SANTA FE, N.M. (AP) — New Mexico oilfield regulators suspended an order Tuesday that had relaxed restrictions on natural gas well locations in a major production basin.
The move came over the objections of a Texas-based company as a Democratic administration takes charge of the state’s Oil Conservation Commission.
The commission scheduled a May rehearing on an application by Hilcorp Energy to double well densities in the northwest corner of the state that originally was approved late last year.
Responsibility for oversight of well rules and regulation shifted Jan. 1 to the Democratic administration of Gov. Michelle Lujan Grisham and Land Commissioner Stephanie Garcia Richard.
Newly appointed Oil Conservation Commission Chairman Gabriel Wade said the rehearing is needed to ensure a full review by state government experts at the Oil Conservation Division, where he serves as acting director, and to provide adequate opportunities for public comment.
Wade noted that the division has an obligation to prevent wasted resources, protect the competing rights of adjacent landholders and safeguard health and the environment.
Commissioner Allison Marks of the State Land Office emphasized the need for consultation with federal government agencies and Native American tribes in the vicinity, including the Jicarilla Apache Nation — a major natural gas developer. A third member of the commission has not yet been designated.
Hilcorp Energy has defended its application as legally and scientifically sound as it seeks to draw more natural gas from a formation known as the Blanco-Mesaverde gas pool through existing and potential new well locations.
An attorney for Hilcorp, Michael Feldewert, on Tuesday alleged political interference with the application and challenged Wade’s qualifications to preside over a commission that makes precedent-setting decisions about rules for oil, gas and geothermal development, arguing he does not have prerequisite engineering education.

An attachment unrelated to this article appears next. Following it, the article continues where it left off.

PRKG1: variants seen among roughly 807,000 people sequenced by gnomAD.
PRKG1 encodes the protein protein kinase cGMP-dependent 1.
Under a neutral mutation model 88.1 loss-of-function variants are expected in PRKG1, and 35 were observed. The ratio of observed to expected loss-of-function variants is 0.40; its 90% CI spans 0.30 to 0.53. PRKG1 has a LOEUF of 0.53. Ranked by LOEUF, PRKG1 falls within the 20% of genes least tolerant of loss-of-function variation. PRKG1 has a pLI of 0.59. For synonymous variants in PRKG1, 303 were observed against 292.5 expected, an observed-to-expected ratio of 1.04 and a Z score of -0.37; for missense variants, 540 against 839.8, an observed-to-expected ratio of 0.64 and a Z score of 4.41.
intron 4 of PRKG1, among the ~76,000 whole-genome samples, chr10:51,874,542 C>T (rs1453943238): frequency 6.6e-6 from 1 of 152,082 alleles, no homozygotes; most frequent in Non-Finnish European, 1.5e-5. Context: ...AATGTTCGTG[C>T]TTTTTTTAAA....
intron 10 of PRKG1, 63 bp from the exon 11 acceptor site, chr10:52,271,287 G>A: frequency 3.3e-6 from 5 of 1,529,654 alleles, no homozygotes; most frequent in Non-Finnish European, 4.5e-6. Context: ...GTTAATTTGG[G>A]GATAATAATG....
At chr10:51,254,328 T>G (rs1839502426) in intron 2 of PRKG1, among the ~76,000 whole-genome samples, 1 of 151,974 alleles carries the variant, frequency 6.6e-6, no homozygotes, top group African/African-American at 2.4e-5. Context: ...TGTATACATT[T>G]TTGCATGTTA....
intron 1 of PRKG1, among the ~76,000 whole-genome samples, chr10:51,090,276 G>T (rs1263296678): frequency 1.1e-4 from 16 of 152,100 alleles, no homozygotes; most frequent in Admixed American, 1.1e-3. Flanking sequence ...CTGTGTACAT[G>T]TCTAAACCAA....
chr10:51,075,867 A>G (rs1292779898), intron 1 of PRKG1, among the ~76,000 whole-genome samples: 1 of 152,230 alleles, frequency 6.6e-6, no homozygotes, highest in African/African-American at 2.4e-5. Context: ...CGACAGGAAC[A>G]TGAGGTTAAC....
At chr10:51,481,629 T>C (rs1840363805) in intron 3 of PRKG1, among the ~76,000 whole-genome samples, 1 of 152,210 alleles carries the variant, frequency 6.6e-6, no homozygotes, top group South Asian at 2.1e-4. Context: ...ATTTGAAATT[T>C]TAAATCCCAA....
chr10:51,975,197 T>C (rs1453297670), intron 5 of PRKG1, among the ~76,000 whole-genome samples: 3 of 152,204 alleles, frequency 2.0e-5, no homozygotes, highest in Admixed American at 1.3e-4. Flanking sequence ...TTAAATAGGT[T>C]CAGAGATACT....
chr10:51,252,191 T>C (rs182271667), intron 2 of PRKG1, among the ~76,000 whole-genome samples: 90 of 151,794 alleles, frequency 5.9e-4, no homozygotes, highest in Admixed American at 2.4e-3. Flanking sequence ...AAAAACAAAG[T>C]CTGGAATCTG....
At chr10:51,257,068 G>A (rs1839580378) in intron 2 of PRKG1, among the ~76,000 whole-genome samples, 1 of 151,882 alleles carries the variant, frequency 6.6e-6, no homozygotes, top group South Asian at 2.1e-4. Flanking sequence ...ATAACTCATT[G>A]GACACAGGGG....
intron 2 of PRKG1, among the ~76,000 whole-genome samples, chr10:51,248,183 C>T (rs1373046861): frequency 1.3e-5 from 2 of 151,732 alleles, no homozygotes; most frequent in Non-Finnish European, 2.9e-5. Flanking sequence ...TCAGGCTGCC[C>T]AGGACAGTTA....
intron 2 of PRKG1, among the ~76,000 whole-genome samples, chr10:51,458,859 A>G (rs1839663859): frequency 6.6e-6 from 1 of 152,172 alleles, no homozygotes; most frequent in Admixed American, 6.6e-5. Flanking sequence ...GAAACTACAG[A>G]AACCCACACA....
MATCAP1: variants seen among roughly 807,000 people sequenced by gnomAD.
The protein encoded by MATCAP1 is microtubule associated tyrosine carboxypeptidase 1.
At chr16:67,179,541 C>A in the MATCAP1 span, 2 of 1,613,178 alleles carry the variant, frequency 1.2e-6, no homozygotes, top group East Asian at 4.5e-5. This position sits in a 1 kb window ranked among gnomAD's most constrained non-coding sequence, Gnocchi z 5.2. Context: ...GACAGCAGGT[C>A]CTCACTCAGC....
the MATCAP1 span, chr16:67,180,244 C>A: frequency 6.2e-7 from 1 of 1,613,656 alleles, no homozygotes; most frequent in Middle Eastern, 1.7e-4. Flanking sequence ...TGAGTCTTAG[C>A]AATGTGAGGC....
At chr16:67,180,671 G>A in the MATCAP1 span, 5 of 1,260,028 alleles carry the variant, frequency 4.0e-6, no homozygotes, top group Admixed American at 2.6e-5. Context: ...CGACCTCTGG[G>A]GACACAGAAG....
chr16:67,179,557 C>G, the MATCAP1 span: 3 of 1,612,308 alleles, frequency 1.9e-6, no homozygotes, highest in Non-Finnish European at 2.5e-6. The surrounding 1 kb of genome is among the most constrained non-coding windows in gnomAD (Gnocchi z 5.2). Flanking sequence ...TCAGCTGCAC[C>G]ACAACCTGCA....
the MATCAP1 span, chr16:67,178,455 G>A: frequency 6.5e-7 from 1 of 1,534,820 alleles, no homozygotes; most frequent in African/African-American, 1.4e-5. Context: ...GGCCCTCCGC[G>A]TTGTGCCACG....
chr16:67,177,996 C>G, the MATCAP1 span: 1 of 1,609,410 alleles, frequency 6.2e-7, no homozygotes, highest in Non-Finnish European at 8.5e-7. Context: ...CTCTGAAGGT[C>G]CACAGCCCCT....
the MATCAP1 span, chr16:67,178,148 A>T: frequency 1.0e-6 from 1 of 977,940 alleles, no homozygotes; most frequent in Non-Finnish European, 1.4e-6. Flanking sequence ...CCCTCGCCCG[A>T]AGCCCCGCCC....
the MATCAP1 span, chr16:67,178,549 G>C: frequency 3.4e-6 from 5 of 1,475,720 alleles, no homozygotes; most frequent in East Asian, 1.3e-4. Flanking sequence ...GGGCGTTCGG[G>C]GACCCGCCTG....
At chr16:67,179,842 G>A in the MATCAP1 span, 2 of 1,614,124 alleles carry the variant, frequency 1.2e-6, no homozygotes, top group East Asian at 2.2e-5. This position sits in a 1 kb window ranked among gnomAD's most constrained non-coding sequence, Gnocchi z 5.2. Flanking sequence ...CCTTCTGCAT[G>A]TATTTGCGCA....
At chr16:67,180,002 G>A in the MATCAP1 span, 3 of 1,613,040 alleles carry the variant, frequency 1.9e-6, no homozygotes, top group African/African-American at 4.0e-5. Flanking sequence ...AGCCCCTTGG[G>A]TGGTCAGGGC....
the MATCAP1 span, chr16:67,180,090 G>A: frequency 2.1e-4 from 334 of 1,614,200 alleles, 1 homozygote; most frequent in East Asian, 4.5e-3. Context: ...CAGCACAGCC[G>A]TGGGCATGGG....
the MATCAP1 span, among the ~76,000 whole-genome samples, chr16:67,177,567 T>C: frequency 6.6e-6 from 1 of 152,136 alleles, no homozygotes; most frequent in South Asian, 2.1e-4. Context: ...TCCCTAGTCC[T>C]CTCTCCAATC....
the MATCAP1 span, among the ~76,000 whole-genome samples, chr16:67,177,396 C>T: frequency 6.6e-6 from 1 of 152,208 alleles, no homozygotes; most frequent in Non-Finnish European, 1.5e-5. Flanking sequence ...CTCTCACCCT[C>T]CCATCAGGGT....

“This type of political shenanigans that are going on here is a low point in my opinion for this commission,” Feldewert said.
Hilcorp later issued a statement that the commission’s original decision was based on a careful review of the facts and highlighted the company’s efforts to increase investments in the San Juan Basin and in its communities by improving existing infrastructure and increasing local production.
Hilcorp currently operates 5,329 wells that tap into the Blanco-Mesaverde gas pool across portions of San Juan and Rio Arriba counties. Its application would increase potential well density from four wells to eight per 320-acre tract, or about half a square mile (1.2 square kilometers).
Approval of the well-density application in the final months of the administration of Republican Gov. Susana Martinez was followed by an outcry from conservationists and ranchers, along with a rebuke by departing Land Commissioner Aubrey Dunn.
Garcia Richard, the elected successor to Dunn, attended Tuesday’s meeting and applauded the decision for a rehearing of Hilcorp’s application.
The State Land Office, which formally requested the rehearing, oversees energy leases across some 14,000 square miles (36,000 square kilometers) of state trust land and additional underground resources to help fund schools, universities and hospitals.
“I do acknowledge the importance of the natural gas industry in this region in particular to the financial stability and longevity of the state and the State Land Office,” she said. “I don’t see any reason why we can’t balance increased revenues with responsible development, and that’s what this hearing is really about.”
Advocates for environment conservation with the San Juan Citizens Alliance say they were shut out of last year’s proceedings and hope to present testimony at the May rehearing.
“For too long in New Mexico, over the last eight years, the oil and gas industry has effectively written its own rules,” said Erik Schlenker-Goodrich, an attorney for the alliance.
In an email, New Mexico Oil & Gas Association spokesman Robert McEnytre said the rehearing decision was a blow to responsible oil and gas development in the region.